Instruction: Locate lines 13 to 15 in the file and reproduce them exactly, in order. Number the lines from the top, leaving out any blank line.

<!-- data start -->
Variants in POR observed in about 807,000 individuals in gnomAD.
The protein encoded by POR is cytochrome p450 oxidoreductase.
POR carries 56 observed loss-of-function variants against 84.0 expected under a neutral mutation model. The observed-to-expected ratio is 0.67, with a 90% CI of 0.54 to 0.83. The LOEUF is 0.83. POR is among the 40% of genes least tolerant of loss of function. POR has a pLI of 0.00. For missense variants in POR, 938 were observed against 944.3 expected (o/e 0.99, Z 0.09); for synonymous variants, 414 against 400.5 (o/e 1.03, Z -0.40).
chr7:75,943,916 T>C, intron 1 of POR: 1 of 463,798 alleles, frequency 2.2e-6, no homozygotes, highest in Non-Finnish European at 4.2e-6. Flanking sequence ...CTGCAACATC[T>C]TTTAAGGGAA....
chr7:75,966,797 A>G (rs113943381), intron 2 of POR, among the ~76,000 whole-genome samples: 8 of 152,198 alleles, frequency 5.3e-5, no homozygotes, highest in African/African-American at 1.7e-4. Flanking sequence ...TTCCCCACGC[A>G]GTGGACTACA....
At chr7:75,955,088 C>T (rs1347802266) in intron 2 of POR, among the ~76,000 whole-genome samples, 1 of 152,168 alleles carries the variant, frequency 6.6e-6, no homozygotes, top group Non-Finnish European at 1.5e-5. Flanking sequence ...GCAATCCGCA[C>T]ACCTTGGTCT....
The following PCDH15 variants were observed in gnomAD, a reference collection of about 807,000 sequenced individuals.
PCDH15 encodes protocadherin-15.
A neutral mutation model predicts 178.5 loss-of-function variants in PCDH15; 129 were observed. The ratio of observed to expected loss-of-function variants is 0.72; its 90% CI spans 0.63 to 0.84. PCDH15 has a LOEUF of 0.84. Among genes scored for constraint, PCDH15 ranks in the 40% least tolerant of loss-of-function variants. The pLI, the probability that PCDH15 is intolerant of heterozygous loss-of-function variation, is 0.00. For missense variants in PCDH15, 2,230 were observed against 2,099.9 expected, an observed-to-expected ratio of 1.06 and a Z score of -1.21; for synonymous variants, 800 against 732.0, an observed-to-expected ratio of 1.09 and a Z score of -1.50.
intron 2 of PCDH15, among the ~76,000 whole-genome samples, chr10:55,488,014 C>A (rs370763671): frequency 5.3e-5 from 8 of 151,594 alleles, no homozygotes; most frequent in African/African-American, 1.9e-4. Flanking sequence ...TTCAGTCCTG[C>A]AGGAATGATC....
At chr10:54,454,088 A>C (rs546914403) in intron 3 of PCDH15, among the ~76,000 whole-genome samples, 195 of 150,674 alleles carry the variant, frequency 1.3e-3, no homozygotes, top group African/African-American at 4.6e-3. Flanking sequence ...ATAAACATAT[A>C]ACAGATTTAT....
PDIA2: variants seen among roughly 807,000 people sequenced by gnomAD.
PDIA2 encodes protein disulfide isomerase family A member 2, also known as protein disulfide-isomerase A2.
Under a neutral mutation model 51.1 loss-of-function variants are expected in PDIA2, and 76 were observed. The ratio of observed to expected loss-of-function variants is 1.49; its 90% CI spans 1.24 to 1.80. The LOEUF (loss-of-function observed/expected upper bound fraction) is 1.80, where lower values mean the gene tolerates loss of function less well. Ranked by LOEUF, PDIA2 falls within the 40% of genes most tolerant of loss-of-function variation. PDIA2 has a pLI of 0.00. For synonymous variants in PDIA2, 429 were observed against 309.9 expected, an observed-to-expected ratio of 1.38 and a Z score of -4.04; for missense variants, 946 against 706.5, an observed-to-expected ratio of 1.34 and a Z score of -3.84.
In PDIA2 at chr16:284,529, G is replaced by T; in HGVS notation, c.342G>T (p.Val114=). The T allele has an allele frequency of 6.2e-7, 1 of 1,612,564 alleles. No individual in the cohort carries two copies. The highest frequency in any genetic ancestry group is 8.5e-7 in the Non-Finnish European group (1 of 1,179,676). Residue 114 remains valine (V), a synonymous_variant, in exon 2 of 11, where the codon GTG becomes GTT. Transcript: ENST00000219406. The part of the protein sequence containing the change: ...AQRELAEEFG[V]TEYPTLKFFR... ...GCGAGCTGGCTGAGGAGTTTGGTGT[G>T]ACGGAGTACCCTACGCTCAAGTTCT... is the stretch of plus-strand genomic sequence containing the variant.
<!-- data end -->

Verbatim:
PDIA2 encodes protein disulfide isomerase family A member 2, also known as protein disulfide-isomerase A2.
Under a neutral mutation model 51.1 loss-of-function variants are expected in PDIA2, and 76 were observed. The ratio of observed to expected loss-of-function variants is 1.49; its 90% CI spans 1.24 to 1.80. The LOEUF (loss-of-function observed/expected upper bound fraction) is 1.80, where lower values mean the gene tolerates loss of function less well. Ranked by LOEUF, PDIA2 falls within the 40% of genes most tolerant of loss-of-function variation. PDIA2 has a pLI of 0.00. For synonymous variants in PDIA2, 429 were observed against 309.9 expected, an observed-to-expected ratio of 1.38 and a Z score of -4.04; for missense variants, 946 against 706.5, an observed-to-expected ratio of 1.34 and a Z score of -3.84.
In PDIA2 at chr16:284,529, G is replaced by T; in HGVS notation, c.342G>T (p.Val114=). The T allele has an allele frequency of 6.2e-7, 1 of 1,612,564 alleles. No individual in the cohort carries two copies. The highest frequency in any genetic ancestry group is 8.5e-7 in the Non-Finnish European group (1 of 1,179,676). Residue 114 remains valine (V), a synonymous_variant, in exon 2 of 11, where the codon GTG becomes GTT. Transcript: ENST00000219406. The part of the protein sequence containing the change: ...AQRELAEEFG[V]TEYPTLKFFR... ...GCGAGCTGGCTGAGGAGTTTGGTGT[G>T]ACGGAGTACCCTACGCTCAAGTTCT... is the stretch of plus-strand genomic sequence containing the variant.